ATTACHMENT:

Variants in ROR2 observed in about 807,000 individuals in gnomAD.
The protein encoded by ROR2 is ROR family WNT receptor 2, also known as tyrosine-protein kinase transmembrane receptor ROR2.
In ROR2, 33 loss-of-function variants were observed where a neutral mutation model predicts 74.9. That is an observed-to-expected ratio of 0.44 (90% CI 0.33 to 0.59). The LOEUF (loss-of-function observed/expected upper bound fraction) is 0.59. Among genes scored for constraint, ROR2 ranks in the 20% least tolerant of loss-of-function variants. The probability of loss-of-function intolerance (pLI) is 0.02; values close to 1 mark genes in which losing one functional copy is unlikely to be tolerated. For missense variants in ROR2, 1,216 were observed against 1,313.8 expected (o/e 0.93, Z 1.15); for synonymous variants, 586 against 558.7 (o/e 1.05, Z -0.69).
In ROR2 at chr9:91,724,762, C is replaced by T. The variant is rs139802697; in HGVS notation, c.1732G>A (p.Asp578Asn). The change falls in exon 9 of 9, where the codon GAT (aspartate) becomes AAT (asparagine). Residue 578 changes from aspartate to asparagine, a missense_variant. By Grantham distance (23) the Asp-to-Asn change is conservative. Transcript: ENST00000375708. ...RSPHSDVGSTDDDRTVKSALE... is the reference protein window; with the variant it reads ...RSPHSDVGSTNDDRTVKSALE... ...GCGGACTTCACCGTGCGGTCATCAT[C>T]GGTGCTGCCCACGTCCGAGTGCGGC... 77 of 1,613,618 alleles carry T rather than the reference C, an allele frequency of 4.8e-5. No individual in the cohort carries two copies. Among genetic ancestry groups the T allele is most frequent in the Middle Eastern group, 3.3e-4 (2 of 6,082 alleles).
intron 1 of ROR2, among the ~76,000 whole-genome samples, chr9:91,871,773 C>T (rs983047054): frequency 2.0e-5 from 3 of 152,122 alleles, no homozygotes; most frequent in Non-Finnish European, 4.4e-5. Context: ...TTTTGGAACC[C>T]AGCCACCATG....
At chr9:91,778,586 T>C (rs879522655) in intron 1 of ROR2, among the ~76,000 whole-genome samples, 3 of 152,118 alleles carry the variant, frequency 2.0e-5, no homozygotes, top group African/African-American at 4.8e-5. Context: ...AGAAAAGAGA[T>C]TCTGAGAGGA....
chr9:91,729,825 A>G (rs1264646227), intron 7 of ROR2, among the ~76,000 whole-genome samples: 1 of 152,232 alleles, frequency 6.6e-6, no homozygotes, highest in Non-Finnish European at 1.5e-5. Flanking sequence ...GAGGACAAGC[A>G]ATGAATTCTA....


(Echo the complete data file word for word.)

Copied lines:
Variants in ROR2 observed in about 807,000 individuals in gnomAD.
The protein encoded by ROR2 is ROR family WNT receptor 2, also known as tyrosine-protein kinase transmembrane receptor ROR2.
In ROR2, 33 loss-of-function variants were observed where a neutral mutation model predicts 74.9. That is an observed-to-expected ratio of 0.44 (90% CI 0.33 to 0.59). The LOEUF (loss-of-function observed/expected upper bound fraction) is 0.59. Among genes scored for constraint, ROR2 ranks in the 20% least tolerant of loss-of-function variants. The probability of loss-of-function intolerance (pLI) is 0.02; values close to 1 mark genes in which losing one functional copy is unlikely to be tolerated. For missense variants in ROR2, 1,216 were observed against 1,313.8 expected (o/e 0.93, Z 1.15); for synonymous variants, 586 against 558.7 (o/e 1.05, Z -0.69).
In ROR2 at chr9:91,724,762, C is replaced by T. The variant is rs139802697; in HGVS notation, c.1732G>A (p.Asp578Asn). The change falls in exon 9 of 9, where the codon GAT (aspartate) becomes AAT (asparagine). Residue 578 changes from aspartate to asparagine, a missense_variant. By Grantham distance (23) the Asp-to-Asn change is conservative. Transcript: ENST00000375708. ...RSPHSDVGSTDDDRTVKSALE... is the reference protein window; with the variant it reads ...RSPHSDVGSTNDDRTVKSALE... ...GCGGACTTCACCGTGCGGTCATCAT[C>T]GGTGCTGCCCACGTCCGAGTGCGGC... 77 of 1,613,618 alleles carry T rather than the reference C, an allele frequency of 4.8e-5. No individual in the cohort carries two copies. Among genetic ancestry groups the T allele is most frequent in the Middle Eastern group, 3.3e-4 (2 of 6,082 alleles).
intron 1 of ROR2, among the ~76,000 whole-genome samples, chr9:91,871,773 C>T (rs983047054): frequency 2.0e-5 from 3 of 152,122 alleles, no homozygotes; most frequent in Non-Finnish European, 4.4e-5. Context: ...TTTTGGAACC[C>T]AGCCACCATG....
At chr9:91,778,586 T>C (rs879522655) in intron 1 of ROR2, among the ~76,000 whole-genome samples, 3 of 152,118 alleles carry the variant, frequency 2.0e-5, no homozygotes, top group African/African-American at 4.8e-5. Context: ...AGAAAAGAGA[T>C]TCTGAGAGGA....
chr9:91,729,825 A>G (rs1264646227), intron 7 of ROR2, among the ~76,000 whole-genome samples: 1 of 152,232 alleles, frequency 6.6e-6, no homozygotes, highest in Non-Finnish European at 1.5e-5. Flanking sequence ...GAGGACAAGC[A>G]ATGAATTCTA....